When Sledging Becomes Harmful

I dismissed the Jadeja-Anderson dispute too casually in my last post, so I want to add a careful amendment. One thing that has always irked me about sledging disputes is the general devaluation of the power of speech. So, in this case, it is agreed by all sides that Jimmy Anderson did say some hurtful things to Jadeja. However, he escaped judgment because Jadeja then “turned around” — aggressively, apparently? — leading Anderson to act in self defense.

The upshot is clear: A cricketer can spew a fair amount of abuse, and his target will have to turn the other cheek. Any hint of physical action will be harshly punished (except in “self defense”?); what is spoken is, generally, free.

I’m not a fan of this approach because I think it undervalues how important and powerful speech can be. As I wrote in a previous post:

Speech matters, and it can in fact cause harm. To focus on the physical aspect of an argument seems natural, since violence among men is always a concern. But it is ridiculous not to view harmful speech as potentially injurious as well… [The] sledger — the one having fun at somebody’s expense — enjoys a massive legal loophole, because he knows that, to a large extent, sledging in cricket is tolerated (and increasingly celebrated).

It’s not like what I’m arguing for is unprecedented. In the Shane Warne-Marlon Samuels dispute, the arbiter in that case said Samuels’ throwing his bat was, to some extent, justified by Warne’s “extreme provocation.” That wasn’t an international game, but the same principle applies. And that says: If a cricketer comes at you, again and again and inappropriately (such as off the field of play, as Anderson did), then go ahead — do what you must. Turn around, even.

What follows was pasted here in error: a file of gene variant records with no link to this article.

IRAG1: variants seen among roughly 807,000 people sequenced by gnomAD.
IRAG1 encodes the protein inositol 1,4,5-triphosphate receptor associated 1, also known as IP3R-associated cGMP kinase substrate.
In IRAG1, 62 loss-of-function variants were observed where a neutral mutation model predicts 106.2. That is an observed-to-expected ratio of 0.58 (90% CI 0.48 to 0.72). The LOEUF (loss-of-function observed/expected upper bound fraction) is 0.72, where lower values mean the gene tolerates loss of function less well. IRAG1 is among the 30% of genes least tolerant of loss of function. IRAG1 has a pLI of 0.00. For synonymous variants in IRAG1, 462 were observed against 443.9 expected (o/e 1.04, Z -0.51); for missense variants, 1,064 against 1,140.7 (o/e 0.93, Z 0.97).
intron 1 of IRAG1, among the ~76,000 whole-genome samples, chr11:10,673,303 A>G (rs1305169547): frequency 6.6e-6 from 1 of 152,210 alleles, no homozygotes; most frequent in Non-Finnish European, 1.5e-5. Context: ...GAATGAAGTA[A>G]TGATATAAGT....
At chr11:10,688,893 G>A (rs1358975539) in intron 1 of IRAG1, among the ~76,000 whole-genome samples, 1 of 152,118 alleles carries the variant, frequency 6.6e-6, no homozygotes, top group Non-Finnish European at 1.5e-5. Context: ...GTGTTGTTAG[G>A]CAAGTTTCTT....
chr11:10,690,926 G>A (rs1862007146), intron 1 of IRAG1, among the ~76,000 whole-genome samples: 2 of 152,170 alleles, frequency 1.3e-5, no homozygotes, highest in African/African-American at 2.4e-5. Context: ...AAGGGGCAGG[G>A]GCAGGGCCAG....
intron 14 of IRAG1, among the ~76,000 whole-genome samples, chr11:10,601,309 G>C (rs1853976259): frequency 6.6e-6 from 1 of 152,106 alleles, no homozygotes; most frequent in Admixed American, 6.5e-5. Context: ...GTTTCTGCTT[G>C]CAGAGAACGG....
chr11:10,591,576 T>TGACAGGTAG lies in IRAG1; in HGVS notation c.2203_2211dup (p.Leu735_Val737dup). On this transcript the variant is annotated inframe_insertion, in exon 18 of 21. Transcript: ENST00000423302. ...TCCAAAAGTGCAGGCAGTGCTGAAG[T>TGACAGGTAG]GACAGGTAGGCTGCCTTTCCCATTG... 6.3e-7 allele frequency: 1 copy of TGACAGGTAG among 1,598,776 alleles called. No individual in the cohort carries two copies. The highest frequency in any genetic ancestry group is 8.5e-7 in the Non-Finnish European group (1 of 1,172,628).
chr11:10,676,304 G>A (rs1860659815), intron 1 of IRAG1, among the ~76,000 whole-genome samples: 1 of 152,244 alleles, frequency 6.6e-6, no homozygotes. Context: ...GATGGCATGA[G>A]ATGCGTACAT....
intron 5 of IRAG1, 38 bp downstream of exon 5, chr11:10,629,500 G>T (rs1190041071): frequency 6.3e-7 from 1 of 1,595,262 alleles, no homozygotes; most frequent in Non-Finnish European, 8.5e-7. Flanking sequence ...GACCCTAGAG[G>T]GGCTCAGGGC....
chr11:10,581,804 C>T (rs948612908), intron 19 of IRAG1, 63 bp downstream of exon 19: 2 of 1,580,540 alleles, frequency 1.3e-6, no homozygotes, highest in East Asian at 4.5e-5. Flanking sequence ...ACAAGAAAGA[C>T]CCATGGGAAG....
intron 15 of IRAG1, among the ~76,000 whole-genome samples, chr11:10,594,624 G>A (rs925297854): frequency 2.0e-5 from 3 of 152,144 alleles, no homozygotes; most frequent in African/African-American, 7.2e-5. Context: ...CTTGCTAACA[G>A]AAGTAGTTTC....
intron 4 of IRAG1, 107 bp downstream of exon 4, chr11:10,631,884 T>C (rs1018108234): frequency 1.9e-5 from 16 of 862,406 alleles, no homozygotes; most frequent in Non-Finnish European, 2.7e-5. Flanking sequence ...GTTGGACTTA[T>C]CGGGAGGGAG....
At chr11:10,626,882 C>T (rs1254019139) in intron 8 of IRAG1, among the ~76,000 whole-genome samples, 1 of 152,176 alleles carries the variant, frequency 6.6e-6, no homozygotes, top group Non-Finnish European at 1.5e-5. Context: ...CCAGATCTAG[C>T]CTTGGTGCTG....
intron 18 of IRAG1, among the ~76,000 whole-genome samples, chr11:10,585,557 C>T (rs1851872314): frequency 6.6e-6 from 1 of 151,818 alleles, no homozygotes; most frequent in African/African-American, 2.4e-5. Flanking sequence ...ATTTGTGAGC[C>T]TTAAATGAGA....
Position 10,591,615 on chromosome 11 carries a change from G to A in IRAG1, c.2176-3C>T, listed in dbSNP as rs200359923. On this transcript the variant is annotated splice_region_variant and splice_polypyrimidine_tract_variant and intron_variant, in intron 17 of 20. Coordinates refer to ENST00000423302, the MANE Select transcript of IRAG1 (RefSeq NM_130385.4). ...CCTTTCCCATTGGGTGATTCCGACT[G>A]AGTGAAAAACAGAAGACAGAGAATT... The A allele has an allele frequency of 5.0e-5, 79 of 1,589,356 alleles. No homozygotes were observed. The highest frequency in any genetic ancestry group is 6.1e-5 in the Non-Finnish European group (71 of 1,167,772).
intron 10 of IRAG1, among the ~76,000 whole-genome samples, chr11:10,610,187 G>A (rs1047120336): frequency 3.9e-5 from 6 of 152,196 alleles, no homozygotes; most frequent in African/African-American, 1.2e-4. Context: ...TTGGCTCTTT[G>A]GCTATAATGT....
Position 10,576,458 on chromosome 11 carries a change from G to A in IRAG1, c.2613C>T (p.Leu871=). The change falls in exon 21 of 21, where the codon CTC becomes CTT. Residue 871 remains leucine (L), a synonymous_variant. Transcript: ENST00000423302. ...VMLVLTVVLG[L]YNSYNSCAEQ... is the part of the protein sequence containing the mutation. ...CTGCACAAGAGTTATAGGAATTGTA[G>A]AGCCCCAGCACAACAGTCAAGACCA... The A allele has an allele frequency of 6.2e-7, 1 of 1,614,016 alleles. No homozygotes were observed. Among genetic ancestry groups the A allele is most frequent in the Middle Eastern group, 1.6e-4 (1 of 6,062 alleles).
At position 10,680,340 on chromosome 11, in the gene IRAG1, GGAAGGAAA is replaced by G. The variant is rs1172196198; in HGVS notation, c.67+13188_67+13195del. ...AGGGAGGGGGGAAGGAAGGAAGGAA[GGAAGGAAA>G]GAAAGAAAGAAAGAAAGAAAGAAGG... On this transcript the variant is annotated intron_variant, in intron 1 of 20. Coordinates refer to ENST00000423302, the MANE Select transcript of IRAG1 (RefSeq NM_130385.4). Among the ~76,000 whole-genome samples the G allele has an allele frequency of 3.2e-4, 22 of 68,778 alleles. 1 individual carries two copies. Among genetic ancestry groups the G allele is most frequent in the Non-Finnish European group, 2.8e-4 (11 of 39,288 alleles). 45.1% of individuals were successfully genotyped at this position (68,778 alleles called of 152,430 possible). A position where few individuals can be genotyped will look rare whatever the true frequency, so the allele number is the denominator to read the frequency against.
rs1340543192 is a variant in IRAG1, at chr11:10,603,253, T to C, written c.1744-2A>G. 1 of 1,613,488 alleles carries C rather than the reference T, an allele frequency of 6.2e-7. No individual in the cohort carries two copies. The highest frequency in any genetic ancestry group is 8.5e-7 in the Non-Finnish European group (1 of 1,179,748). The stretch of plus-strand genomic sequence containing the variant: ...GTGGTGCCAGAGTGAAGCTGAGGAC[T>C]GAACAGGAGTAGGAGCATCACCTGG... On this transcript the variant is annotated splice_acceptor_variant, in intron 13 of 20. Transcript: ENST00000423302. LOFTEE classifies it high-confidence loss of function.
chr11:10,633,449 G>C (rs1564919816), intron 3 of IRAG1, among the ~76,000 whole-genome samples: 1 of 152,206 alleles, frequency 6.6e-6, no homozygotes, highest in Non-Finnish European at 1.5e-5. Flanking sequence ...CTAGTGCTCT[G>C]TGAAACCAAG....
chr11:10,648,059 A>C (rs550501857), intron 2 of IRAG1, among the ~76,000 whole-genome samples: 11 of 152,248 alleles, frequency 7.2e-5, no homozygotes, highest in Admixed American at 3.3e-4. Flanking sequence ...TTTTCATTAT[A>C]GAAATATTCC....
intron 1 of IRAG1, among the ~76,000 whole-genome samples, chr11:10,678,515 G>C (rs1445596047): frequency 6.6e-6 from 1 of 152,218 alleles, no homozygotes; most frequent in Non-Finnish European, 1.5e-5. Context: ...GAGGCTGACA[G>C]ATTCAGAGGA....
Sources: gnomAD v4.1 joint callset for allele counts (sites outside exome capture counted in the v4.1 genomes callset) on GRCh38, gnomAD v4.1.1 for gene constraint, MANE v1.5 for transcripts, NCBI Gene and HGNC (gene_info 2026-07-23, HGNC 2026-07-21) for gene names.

When You Go To England With Young Men

The problem with India’s cricket team has always been its inconsistency. It was expected, then, that a rare win at Lord’s would be followed by a crushing loss less than a week later. But the nature of that loss revealed an interesting element of India’s fragility. There was no batting collapse; infuriatingly, we witnessed exceptionally talented (yet inexperienced) group of players “get in” and then give up their wickets for trifles.

Annoying, yes, but this game (and the previous one too) was a good reminder that we are watching two very young teams. This is the sort of behavior you expect when you have a group of 20-somethings play each other. A bunch of Englishmen losing their wickets to Ishant Sharma, and a bunch of Indians losing theirs to Moeen Ali, betrays, if nothing else, a tangle of near-adolescent nerves and insecurity. In fact, the Anderson v. Jadeja dispute, a silly and inconsequential tussle involving tell-tales and unnecessary shoves, has provided a valuable interpretive frame for this entire series. Both sides have fresh players who are new to the international scene, and they are capable of extraordinary bouts of brilliance, patience, and absolute stupidity.